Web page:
Holocaust survivor and women’s rights icon Simone Veil will be inducted into France’s famed Panthéon mausoleum, the final resting place of those who have made significant contributions to French society.
French President Emmanuel Macron announced the decision on Wednesday, saying that, in accordance with her family’s wishes, Veil will be laid to rest under the Panthéon’s great dome along with her husband, Antoine.
Veil’s family had earlier said that they were honoured by suggestions that she might enter the Panthéon, but did not want Veil to be separated from her spouse in her final resting place.
In an interview with Europe 1 this week, Deborah Veil said it was “extremely touching” that her grandmother might be inducted. But she added that her grandparents “would not be happy to be separated after sharing their lives together for 65 years”.
Those concerns have now been laid to rest.
Following Veil’s death on June 30, online petitions began circulating calling for her to be honoured by the Panthéon. In the five days since her death, “The Panthéon for Simone Veil” petition has garnered more than 152,700 signatures. Famous French personalities and thousands of Internet users joined forces asking for her to take her place in the famed Paris tomb reserved for France’s “Great Men” – notably Rousseau and Voltaire – and four women, including Marie Curie.
>> Read more: Petitions call for Simone Veil to enter France’s Panthéon
Historian Patrick Garcia, professor at the University of Cergy-Pontoise and an associate researcher at the Institute of History, said he was not at all surprised by these calls. For him, the survivor of Auschwitz-Birkenau and popular former health minister is a perfect candidate.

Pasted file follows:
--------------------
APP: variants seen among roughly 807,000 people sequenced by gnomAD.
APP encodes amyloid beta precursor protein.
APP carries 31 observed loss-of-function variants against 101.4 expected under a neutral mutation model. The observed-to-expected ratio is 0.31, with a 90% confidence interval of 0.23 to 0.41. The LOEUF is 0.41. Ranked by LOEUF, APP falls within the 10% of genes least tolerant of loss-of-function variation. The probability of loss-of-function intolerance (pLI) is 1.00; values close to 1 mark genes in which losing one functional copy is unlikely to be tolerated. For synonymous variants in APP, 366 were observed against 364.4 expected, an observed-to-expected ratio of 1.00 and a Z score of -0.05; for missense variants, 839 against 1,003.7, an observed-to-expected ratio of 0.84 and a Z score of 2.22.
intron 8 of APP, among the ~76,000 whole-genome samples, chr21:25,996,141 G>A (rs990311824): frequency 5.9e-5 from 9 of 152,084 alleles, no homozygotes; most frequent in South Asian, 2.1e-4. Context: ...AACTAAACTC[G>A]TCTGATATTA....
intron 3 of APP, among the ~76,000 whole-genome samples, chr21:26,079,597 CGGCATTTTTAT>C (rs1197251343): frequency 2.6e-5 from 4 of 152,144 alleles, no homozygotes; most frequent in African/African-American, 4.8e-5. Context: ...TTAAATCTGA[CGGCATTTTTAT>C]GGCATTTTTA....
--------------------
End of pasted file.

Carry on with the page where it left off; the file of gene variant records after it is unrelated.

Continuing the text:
“There is no ‘checklist’ for entering the Panthéon, but there are informal criteria,” he told FRANCE 24. “That is to say, [inductees] embody the ideals and battles for the Republic that still have meaning today. Simone Veil embodies these values.”
“She represents the face of the deportees (Jews deported from France by the Nazis), the ideal of Europe and the leader of the struggle for the legalisation of abortion.”
A fifth woman in the Panthéon
Since the Panthéon’s first-ever induction in 1791 – of Count Mirabeau, one of the leaders of the French Revolution – 80 people have been so honoured, among them politicians, writers, scientists, some religious figures and numerous soldiers. Veil will become only the fifth woman to join such illustrious ranks inside the famed necropolis, which bears the inscription: “To great men, a grateful nation.”
The first such woman, Sophie Berthelot, was buried with her husband, chemist and politician Marcelin Berthelot, in 1907 “in honour of her conjugal virtue”. The ashes of scientist Marie Curie were transferred to the Panthéon in 1995 along with those of her husband Pierre, with whom she shared the Nobel Prize in physics. French Resistance icons Germaine Tillion and Geneviève de Gaulle-Anthonioz were inducted in 2015.
>> Read more: The Panthéon: Honouring France’s great men and women
Veil was a centrist figure known for her commitment to consensus building, Garcia said. “She represents an increased flexibility among political divides.”
A favourite political personality among the French for many years, her death has received nearly unanimous tributes from across the political spectrum. Macron tweeted that he hoped her example would inspire her compatriots, calling Veil “the best of France”.
Her few critics hail mainly from the far right and the Catholic community, who reproach Veil for the key role she played in the legalisation of abortion in France.
“Throughout the history of the Panthéon, there have been figures who have sparked opposition,” Garcia said. But at any given moment, “the values of the Republic are what matters”, he said. “Not everyone will agree.”
Date created : 2017-07-05